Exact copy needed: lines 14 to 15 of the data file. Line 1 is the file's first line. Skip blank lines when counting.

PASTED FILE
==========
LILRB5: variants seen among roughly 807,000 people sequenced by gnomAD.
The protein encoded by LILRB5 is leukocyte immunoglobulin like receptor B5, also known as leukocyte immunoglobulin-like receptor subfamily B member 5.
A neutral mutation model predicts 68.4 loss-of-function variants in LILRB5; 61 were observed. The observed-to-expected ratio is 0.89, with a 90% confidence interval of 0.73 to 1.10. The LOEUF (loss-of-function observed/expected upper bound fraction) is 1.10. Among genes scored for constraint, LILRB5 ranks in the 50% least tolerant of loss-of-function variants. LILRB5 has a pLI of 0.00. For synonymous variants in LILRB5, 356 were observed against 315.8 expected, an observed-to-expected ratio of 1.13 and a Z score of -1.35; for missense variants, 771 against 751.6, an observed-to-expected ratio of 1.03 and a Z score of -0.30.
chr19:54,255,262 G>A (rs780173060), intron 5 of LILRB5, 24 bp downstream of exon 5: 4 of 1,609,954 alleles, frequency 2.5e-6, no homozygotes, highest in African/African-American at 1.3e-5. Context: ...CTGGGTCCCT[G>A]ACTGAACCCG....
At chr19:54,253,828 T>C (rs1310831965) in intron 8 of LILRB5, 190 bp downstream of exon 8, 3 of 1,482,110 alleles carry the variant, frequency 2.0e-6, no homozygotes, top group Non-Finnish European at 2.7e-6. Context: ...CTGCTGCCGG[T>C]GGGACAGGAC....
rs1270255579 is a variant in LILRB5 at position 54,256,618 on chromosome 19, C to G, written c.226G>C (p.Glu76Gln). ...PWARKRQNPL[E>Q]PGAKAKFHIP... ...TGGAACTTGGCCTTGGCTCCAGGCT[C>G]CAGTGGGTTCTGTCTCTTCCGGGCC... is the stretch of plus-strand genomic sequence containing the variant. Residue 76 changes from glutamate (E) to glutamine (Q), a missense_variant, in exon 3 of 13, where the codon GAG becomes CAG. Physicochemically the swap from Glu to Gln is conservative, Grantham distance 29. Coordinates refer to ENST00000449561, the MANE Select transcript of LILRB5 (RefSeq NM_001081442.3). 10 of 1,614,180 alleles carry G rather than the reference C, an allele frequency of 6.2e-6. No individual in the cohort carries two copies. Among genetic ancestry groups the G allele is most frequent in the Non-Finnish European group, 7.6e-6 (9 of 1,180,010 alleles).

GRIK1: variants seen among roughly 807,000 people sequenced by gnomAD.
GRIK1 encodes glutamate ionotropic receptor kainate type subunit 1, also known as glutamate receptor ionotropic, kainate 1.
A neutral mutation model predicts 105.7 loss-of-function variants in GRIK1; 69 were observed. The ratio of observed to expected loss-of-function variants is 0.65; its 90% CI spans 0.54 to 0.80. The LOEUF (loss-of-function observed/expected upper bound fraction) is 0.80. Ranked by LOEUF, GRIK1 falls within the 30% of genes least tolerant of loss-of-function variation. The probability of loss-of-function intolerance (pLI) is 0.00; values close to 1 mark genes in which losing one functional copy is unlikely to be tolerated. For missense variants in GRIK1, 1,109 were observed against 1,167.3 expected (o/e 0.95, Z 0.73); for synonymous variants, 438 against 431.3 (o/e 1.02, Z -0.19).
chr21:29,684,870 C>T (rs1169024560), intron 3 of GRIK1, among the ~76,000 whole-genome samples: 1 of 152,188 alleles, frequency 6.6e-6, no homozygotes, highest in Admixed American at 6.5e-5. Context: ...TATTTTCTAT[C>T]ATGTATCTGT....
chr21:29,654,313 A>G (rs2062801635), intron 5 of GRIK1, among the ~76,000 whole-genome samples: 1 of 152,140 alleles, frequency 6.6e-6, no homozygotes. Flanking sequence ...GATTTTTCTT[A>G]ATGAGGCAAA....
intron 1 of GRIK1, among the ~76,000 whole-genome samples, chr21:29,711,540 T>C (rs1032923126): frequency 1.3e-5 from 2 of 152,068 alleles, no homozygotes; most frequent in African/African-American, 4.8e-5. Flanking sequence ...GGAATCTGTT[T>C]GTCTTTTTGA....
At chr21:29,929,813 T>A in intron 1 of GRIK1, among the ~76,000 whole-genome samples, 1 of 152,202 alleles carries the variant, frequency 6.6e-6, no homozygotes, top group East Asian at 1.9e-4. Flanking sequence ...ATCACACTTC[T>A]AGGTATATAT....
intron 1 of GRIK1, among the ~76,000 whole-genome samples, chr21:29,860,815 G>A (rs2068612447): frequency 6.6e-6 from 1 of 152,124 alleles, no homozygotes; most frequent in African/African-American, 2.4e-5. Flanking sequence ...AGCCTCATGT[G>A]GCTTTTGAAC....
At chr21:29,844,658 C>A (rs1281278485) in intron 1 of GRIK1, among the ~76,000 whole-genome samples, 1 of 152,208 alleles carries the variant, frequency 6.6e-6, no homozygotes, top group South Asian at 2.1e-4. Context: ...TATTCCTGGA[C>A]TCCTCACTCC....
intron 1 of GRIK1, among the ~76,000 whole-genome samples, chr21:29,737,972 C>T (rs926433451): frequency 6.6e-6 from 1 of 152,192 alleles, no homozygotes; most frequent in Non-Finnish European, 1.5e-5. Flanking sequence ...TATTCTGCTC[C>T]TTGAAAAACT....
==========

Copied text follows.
intron 1 of GRIK1, among the ~76,000 whole-genome samples, chr21:29,860,815 G>A (rs2068612447): frequency 6.6e-6 from 1 of 152,124 alleles, no homozygotes; most frequent in African/African-American, 2.4e-5. Flanking sequence ...AGCCTCATGT[G>A]GCTTTTGAAC....
At chr21:29,844,658 C>A (rs1281278485) in intron 1 of GRIK1, among the ~76,000 whole-genome samples, 1 of 152,208 alleles carries the variant, frequency 6.6e-6, no homozygotes, top group South Asian at 2.1e-4. Context: ...TATTCCTGGA[C>A]TCCTCACTCC....